For the prevention of shock and electrocution injuries, GFCI (ground fault circuit interrupter) protection is required for certain receptacles, also known as outlets, throughout a home and its outdoor areas, especially where water can be present.
Either a GFCI circuit breaker or GFCI receptacle can be selected to accomplish this requirement. Depending on the location, there are pros and cons for each. In addition, state and local electrical codes also set forth GFCI requirements.
Circuits vs. Receptacles
GFCI circuit breakers offer a simple installation. One is installed inside the service panel, also known as the breaker box, and it provides GFCI protection to the entire circuit, including wiring and every appliance and device connected to the circuit.
Single-location GFCI wiring provides protection for only one receptacle. Multi-location wiring provides protection for the first GFCI receptacle and all the following receptacles downstream of the electric current on the same circuit. Multi-location wiring will not offer protection between the service panel and itself.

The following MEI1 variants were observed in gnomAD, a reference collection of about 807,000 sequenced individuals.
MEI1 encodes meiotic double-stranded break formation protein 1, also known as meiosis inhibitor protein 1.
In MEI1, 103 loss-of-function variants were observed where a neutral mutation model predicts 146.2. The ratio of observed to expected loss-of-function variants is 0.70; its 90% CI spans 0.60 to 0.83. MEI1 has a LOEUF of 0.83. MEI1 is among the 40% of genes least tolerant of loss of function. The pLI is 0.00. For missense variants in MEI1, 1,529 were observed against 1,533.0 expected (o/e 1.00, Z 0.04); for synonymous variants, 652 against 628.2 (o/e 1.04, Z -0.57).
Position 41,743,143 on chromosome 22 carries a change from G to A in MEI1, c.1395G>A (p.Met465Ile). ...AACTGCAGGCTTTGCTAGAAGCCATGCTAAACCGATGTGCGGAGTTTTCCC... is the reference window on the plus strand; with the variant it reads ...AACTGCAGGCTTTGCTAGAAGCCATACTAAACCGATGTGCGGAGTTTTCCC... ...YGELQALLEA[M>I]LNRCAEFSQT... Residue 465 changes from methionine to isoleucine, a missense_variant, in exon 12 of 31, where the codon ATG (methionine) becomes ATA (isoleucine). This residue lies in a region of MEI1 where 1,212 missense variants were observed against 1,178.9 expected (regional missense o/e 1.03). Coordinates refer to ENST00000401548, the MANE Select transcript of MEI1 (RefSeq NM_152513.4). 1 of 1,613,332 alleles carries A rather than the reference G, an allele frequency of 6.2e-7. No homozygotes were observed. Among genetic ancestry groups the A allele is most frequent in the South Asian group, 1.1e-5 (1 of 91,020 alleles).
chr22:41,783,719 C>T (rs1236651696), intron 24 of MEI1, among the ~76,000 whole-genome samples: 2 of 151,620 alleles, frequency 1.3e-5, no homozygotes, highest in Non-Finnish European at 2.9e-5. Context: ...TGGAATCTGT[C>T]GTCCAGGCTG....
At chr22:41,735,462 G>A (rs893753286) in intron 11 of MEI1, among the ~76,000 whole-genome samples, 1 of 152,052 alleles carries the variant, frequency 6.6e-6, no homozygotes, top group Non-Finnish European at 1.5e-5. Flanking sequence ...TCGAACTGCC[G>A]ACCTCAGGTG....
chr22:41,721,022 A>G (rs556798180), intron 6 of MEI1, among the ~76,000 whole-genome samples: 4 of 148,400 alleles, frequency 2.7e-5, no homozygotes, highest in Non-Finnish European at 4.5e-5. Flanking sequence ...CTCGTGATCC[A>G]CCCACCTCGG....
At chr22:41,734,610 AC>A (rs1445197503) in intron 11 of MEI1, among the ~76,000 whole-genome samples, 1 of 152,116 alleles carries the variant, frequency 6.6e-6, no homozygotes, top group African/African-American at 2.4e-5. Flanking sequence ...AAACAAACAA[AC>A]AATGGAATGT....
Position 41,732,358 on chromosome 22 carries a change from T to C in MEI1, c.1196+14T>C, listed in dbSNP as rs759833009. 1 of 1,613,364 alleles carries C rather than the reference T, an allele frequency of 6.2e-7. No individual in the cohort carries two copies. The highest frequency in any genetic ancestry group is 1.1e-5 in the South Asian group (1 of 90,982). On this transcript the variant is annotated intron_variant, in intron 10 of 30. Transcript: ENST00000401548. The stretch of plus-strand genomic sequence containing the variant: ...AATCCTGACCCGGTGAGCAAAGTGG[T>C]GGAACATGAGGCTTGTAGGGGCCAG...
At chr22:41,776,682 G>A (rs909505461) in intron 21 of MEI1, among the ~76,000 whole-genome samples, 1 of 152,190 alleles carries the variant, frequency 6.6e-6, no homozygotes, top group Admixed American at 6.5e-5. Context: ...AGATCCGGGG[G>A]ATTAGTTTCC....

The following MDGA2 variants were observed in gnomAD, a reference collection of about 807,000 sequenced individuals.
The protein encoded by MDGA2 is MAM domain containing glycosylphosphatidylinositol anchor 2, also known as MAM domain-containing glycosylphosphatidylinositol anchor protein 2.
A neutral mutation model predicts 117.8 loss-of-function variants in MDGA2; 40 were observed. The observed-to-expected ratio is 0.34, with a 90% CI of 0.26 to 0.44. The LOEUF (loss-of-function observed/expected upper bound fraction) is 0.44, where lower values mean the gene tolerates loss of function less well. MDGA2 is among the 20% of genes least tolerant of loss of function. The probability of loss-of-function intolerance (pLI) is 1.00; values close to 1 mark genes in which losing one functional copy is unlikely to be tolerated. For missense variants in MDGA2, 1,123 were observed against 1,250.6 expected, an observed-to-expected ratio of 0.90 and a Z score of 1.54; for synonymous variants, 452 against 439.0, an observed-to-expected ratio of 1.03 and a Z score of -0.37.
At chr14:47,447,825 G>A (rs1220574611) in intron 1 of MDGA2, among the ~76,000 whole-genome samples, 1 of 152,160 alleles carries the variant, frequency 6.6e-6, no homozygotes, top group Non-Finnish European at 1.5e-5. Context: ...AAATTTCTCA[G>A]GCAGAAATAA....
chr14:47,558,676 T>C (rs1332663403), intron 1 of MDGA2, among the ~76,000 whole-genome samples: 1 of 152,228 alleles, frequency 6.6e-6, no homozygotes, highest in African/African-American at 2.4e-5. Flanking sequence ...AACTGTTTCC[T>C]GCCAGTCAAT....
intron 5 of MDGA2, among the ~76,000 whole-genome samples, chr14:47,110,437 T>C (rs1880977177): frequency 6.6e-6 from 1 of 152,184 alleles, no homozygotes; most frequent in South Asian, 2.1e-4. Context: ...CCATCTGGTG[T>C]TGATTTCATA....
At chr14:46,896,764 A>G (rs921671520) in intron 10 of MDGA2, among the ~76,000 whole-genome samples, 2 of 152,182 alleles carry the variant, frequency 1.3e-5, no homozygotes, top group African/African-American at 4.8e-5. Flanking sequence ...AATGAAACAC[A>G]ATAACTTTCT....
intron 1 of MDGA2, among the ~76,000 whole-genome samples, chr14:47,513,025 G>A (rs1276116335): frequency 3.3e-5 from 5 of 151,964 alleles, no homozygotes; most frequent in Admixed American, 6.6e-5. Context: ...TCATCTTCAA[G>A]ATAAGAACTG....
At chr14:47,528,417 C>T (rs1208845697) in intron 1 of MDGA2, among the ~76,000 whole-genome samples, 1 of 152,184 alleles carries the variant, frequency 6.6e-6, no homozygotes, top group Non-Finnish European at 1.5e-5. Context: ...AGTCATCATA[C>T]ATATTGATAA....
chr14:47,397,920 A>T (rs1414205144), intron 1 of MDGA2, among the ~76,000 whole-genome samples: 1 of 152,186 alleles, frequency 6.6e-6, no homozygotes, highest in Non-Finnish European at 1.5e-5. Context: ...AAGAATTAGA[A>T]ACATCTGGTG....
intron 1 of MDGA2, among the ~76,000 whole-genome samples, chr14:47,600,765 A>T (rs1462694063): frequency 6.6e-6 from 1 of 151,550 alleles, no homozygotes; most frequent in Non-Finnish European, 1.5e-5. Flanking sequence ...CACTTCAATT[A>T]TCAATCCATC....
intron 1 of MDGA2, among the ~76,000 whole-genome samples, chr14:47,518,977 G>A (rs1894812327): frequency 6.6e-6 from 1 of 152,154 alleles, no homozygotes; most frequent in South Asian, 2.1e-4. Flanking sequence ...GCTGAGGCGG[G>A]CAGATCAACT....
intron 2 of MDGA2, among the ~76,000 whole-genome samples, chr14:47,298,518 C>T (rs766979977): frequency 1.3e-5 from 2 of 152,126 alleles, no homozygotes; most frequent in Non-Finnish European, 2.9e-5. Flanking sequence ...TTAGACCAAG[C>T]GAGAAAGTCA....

Accessible Receptacle Locations
A tripped GFCI breaker must be reset at the service panel. In contrast, a tripped GFCI receptacle can be reset at the receptacle itself. A GFCI receptacle should be installed at locations that are physically accessible, so it can be easily reset whenever necessary. Electrical issues downstream from a GFCI receptacle can cause it to trip. As a result, the tripped GFCI receptacle will need to be reset to allow electrical current to flow again on the whole portion of the circuit that it protects.
Deciding on the GFCI Protection Type
It may be the case that only one or two outlets each are needed for a laundry room or bathroom. For this situation, the installation of GFCI receptacles would be the most efficient and sensible. Where a new receptacle circuit is needed for a location like an outdoor patio or garage woodshop, every receptacle will require GFCI protection. The best course of action would be wiring the circuit with a GFCI breaker to provide protection for all the receptacles on the circuit.
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